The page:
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Byron Shire
March 9, 2021

Council public access

Latest News

Seapeace: the late Tony Maxwell’s wetland legacy

Many curious minds have pondered the purpose of the rice paddy-like waterbodies that scallop the contour lines out into the Ewingsdale coastal plain that can be viewed from St Helena Road.

Other News

Byron carjacker and stolen vehicle still not found

Police say that a man carjacked a 17-year-old in Byron Bay just before midnight on Friday.

PM forced

Narelle Rendalls, Ballina With reference to the recent serious sexual assault allegations in Canberra, our Prime Minister has a lot to...

Missing teen located safe and well near Tweed Heads

A teen missing in the state’s North has been located safe and well.

Man arrested after shots fired in Dunoon

A police report says a 63-year-old man man has been arrested following multiple public place shots fired overnight.

Top of Mt Warning

Daniel O’Brien, Federal Letters about Mt Warning were interesting. Chris Gee defended National Parks and Wildlife for adopting the views of...

Nurses call for an improved aged care sector

A ‘walk with nurses’ was held in Mullum last Friday, and aimed to highlight the concern aged care nurses have around fee structures, safety issues and staff training in order to properly care for our elderly.

Fast Buck$, Coorabell

Twenty-odd years ago my fellow councillor Hugh Ermacora remarked how useful public access is in terms of providing insights into a situation that may hitherto have been unclear.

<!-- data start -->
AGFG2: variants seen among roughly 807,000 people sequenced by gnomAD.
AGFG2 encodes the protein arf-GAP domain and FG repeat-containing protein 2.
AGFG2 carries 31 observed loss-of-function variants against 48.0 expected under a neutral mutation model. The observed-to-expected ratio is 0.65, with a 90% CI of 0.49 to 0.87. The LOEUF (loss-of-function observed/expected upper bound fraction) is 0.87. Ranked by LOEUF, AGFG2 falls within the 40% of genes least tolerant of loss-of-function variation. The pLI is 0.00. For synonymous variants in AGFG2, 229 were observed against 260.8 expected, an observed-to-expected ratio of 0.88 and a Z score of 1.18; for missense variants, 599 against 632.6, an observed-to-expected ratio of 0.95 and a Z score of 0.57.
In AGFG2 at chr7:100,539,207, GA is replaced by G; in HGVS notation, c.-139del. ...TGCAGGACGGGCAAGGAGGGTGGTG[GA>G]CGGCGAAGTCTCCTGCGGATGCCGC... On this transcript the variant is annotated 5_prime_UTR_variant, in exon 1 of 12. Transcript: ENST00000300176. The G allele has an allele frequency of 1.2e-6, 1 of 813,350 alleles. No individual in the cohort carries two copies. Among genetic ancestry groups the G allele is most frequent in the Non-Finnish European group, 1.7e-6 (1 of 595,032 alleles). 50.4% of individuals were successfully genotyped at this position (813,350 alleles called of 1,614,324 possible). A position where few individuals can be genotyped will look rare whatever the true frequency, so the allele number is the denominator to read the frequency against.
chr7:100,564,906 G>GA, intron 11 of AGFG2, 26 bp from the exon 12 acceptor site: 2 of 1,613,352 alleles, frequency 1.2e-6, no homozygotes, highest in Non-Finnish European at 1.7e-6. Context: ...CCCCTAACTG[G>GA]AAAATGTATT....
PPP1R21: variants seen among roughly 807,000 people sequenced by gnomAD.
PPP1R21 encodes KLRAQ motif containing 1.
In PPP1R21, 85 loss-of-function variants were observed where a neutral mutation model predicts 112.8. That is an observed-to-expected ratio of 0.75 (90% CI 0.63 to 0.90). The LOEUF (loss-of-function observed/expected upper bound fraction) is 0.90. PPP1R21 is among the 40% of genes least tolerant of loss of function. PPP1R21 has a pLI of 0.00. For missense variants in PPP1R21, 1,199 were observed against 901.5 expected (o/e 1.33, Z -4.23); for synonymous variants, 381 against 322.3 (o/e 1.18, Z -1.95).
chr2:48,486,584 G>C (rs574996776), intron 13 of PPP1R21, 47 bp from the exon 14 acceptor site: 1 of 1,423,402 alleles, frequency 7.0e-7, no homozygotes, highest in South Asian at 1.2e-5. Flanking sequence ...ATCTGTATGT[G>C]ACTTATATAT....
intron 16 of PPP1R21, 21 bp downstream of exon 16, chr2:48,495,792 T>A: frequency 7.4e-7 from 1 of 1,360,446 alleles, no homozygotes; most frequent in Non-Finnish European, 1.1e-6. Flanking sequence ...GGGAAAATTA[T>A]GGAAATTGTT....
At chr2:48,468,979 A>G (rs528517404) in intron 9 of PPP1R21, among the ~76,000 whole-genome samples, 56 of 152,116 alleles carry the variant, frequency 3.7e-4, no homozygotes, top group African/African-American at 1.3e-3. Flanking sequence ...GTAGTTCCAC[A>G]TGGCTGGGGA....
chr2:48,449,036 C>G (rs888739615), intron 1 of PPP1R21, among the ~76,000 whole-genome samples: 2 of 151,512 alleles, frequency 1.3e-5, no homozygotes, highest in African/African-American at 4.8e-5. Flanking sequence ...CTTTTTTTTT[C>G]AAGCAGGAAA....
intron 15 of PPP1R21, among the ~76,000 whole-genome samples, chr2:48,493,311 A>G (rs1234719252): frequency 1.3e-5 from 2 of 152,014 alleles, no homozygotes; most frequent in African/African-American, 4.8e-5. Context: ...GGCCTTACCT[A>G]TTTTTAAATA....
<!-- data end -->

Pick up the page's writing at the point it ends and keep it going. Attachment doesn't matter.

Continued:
Although a lot of public input is tedious and repetitive, I agree that sometimes it can be useful in terms of discerning who is acting in good faith, and who is gilding the lily, or in providing the decisive piece of information.

The point is that councillors should not arrive at a meeting having already totally made up their mind. What’s the point of public access if you have zero chance of influencing anyone? I have in mind particularly Cr Sarah Ndiaye.

At the conclusion of each speaker’s address, the councillors are free to ask questions of the speaker. At the last meeting Cr Ndiaye used this opportunity to sneer at a speaker who was merely addressing a particular planning issue, never having attended a council meeting before.

I see now that in her manner, on some issues, Cr Ndiaye has clearly already made up her mind and is affronted by someone who contradicts her party views.

It is not merely a question of anger; there is a distinct edge, an implied suggestion that the opponent is acting in bad faith, making it all up, or has been put up by somebody. I attribute it to pre-selection stress.

Somebody ought to have a word in her ear. According to the code of conduct it is a breach to make derogatory remarks at a council meeting.


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